Sunday, September 7, 2014

Red Rock Kayak Camping

What better way to experience your first overnight camping kayak trip than to take your whole family and friends along.  I relied on my experience of prior overnight bike and hike trips but packing for 7 people seemed to accumulate lots of stuff and I seriously doubt all the stuff would fit into the kayaks and that the kayaks would be overloaded.

The bad part of the Midwest, or at least Iowa, is that it's all heavily fertilized and chemically treated farmland around here.  So even with the great filtration system out there I don't want to drink that water.  That meant packing 9 gallons of water for a two night trip on top all the other stuff.  Surprising though everything fit into the kayaks without a problem

This trip was also the first time kayaking for our friends.  Even loaded down they didn't have any problems of their new found sport.  We all had an enjoyable 1.6 mile paddle from the Whitebreast beach to the Hickory Ride hike-in/paddle-in campsites. Oskar was our guide as I made him study satellite images of our campsite and the route to it.

No, these kayaks aren't ours but I just noticed now, writing the blog, that Oskar's kayak is the same one he paddled on our last trip.

The kids had a blast at the campsite.  Lots of swimming in the lake and kayaking around.

Hickory Ridge used to be time share campground. The layout of the wilderness area does give a hint of this.  Some electrical poles can be seen here and there.  The only structure still standing is a large shelter with picnic benches. Iowa National Heritage Foundation purchased the site after it had been vacant for 10-15 years.  Army Corp of Engineers now manages the 47 acres with eight camp sites of which four can be reserved.  Source: local radio recording  Additional campsite info  At present the water hydrant and vault toilet has not been installed.  A port-a-potty did exist which could have used a servicing.

Besides the usual animal sounds like coyotes howls and owls hoots we heard a whole bunch of dogs barking.  It sounded like a puppy mill was across the lake finger.  They did eventually quiet down for a few hours that night.

Next morning we paddled up the finger into the Campetine creek all the way to the Kennedy street bridge exploring on the way and watching a gray crane.

Yeah, we wimped out and didn't stay for the second night.  I knew there was a thunderstorm coming through the second night and was somewhat prepared.  I even brought a huge tarp along. But at the end we decided that there is not much gained from staying the night and instead headed back while we are still happy campers.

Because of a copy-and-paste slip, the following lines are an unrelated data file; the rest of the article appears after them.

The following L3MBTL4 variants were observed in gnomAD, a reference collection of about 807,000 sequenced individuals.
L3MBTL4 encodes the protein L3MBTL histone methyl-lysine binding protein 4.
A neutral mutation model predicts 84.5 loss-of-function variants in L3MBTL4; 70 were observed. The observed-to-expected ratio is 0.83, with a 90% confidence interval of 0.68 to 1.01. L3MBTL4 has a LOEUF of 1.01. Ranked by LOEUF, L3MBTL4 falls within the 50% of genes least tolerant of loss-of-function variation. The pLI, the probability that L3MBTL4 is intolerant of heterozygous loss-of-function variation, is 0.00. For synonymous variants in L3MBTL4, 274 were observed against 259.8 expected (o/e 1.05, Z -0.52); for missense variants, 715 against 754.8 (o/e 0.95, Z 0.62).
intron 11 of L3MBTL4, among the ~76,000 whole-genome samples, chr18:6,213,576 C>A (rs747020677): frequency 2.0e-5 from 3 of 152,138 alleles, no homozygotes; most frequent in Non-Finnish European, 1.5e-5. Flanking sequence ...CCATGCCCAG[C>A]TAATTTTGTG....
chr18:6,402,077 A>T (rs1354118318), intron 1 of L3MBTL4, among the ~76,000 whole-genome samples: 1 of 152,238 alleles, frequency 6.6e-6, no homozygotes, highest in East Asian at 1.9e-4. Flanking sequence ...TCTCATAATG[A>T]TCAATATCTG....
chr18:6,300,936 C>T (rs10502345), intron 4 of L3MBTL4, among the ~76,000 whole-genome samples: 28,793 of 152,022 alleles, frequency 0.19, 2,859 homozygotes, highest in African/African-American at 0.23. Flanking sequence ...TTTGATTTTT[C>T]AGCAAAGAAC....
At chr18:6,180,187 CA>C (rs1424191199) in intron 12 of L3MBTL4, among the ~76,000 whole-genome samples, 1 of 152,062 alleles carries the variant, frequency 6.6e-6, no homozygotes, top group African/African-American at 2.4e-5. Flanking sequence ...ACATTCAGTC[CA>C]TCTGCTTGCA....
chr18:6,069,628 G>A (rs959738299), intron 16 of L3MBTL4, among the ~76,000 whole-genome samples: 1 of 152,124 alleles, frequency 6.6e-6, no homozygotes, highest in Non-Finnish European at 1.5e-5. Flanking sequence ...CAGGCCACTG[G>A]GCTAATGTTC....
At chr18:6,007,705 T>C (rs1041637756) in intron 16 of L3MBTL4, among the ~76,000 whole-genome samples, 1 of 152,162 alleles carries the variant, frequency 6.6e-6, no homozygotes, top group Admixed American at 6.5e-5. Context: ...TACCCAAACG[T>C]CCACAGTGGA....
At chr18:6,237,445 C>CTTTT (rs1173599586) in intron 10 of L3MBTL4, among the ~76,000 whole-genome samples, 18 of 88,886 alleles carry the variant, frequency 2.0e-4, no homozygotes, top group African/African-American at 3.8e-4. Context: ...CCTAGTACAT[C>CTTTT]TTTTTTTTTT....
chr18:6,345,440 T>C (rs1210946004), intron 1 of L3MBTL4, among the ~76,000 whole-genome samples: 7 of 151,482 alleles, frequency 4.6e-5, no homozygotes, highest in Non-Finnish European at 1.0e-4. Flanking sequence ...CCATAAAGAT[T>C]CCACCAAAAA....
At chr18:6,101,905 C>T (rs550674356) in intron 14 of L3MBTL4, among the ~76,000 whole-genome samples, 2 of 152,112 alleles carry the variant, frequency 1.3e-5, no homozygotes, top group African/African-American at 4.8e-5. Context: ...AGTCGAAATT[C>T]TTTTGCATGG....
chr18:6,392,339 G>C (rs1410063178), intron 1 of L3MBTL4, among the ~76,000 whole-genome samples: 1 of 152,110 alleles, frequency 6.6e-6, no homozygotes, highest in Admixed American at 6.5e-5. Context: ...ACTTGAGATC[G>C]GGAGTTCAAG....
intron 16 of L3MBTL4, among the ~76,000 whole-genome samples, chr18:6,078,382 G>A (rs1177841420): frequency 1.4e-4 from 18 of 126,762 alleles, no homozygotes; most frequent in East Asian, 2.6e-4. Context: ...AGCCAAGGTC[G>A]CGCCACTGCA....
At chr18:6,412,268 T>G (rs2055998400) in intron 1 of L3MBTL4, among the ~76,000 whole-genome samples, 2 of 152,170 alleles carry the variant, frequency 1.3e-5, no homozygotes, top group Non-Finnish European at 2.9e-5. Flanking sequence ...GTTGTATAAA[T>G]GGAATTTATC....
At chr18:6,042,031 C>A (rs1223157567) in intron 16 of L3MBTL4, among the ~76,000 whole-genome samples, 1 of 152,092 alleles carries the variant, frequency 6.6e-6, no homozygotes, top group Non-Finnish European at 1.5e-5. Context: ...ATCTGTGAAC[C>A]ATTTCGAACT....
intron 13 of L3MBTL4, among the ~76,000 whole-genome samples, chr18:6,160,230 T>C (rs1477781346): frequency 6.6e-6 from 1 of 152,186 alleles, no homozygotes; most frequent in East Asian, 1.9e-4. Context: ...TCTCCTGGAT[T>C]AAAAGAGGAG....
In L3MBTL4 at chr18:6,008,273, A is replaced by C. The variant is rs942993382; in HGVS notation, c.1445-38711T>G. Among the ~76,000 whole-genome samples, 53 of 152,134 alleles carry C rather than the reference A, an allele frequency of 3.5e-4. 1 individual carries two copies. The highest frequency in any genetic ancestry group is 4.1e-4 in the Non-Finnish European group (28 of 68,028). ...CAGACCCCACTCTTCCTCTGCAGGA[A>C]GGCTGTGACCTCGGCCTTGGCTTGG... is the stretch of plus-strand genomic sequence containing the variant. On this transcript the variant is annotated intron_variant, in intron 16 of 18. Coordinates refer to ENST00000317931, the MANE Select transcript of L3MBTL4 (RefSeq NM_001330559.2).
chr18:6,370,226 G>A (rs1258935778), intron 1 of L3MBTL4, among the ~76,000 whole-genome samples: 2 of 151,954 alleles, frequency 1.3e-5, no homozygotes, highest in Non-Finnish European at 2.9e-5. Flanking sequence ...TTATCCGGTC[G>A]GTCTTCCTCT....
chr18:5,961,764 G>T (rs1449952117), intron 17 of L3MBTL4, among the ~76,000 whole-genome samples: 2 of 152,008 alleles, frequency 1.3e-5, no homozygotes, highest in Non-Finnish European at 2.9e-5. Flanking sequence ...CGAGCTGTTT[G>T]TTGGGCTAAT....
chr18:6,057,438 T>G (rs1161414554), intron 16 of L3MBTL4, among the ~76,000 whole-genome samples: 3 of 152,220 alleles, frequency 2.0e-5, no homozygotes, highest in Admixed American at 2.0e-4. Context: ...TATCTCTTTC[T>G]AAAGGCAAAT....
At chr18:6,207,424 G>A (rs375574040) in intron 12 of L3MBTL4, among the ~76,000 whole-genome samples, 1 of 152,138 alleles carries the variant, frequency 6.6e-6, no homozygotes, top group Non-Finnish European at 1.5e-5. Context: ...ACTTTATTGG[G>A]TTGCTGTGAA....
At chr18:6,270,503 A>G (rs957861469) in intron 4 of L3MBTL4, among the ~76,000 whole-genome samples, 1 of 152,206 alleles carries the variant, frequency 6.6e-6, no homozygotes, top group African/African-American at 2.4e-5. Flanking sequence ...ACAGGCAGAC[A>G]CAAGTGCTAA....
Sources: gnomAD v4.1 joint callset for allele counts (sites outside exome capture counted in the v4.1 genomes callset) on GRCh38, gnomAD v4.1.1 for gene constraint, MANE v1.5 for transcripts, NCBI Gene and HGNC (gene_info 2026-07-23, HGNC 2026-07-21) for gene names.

One of the girls was picked up earlier in the day so I towed an unmanned kayak back.  Not fun at all. The kayak didn't stay in a straight line and zig-zagged around behind me.  It even got loose once which I didn't notice right away.  Towing Heidi in her kayak was much nicer.

One part we paddled past was rocky and neat.  I've seen other pictures of Lake Red Rock and there apparently many interesting shore lines to explore on the lake.  Certainly worth to come back sometime for another kayaking trip.

Sunday, April 27, 2014

Springer Mountain Hike

Another short adventure with a co-worker in conjunction with a work trip. This time we picked a roughly 20 mile hike to Springer Mountain to spend a night up there. We were lucky to get flight that arrived 9:30am at the Atlanta airport which gave us plenty of time to do the hike on the same day.

Steps by the Amcalola Falls

The hike starts from the Amicalola Falls State Park where we paid $5 to enter and park overnight. For the overnight parking and hike we had to register at the visitor center. At first the lady there thought we would be going to the Hike Inn and suggested for us to park at the upper parking lot. Once she figured out that we were "section hikers" she corrected herself and told us to park right across the visitor center. With that we got to hike up the 600+ steps by the beautiful falls which turned out to be the most strenuous section of the whole hike. I guess this is a privilege that the Hike Inn guests don't get to enjoy.

Hike Inn & Appalachian Approach / Springer Mountain trail sign


Once above the falls, by the upper parking lot, the real trail began. Winding through the foresty hills up and down, the trail takes one up another 2000 feet until one arrives on top of Springer Mountain. Most of the view from Sprinter mountain is blocked by trees except for a bolder area to the south-west.

Panoramic view from Springer Mountain

Appalachian Trail plaque

Springer Mountain peak

Several hikers watched with us the sunset but left us alone for the night, either hiking back to the Springer shelter or the trail head north of Springer Mountain. With the gorgeous weather we decided to sleep under the stars and forgo our tents.

Sunset on Springer Mountain

Open sky from where we slept

Campsite in the dawn

After breakfast and some dilly dallying we started our hike back via the Len Foote Hike Inn, stopping by for some delicious homemade deserts. One of the staff gave us some expert advice on adjusting our backpacks as well. Surprisingly there wasn't anything really to improve on my pack. At the Hike Inn we also break down and finally weighted our packs at one of the scales that seem to be made available everywhere. Mine came to 30lbs, 10 less than I was guessing. Still I don't see a real reason to weight a pack.


Stairs by Amcalola Falls

Interactive route map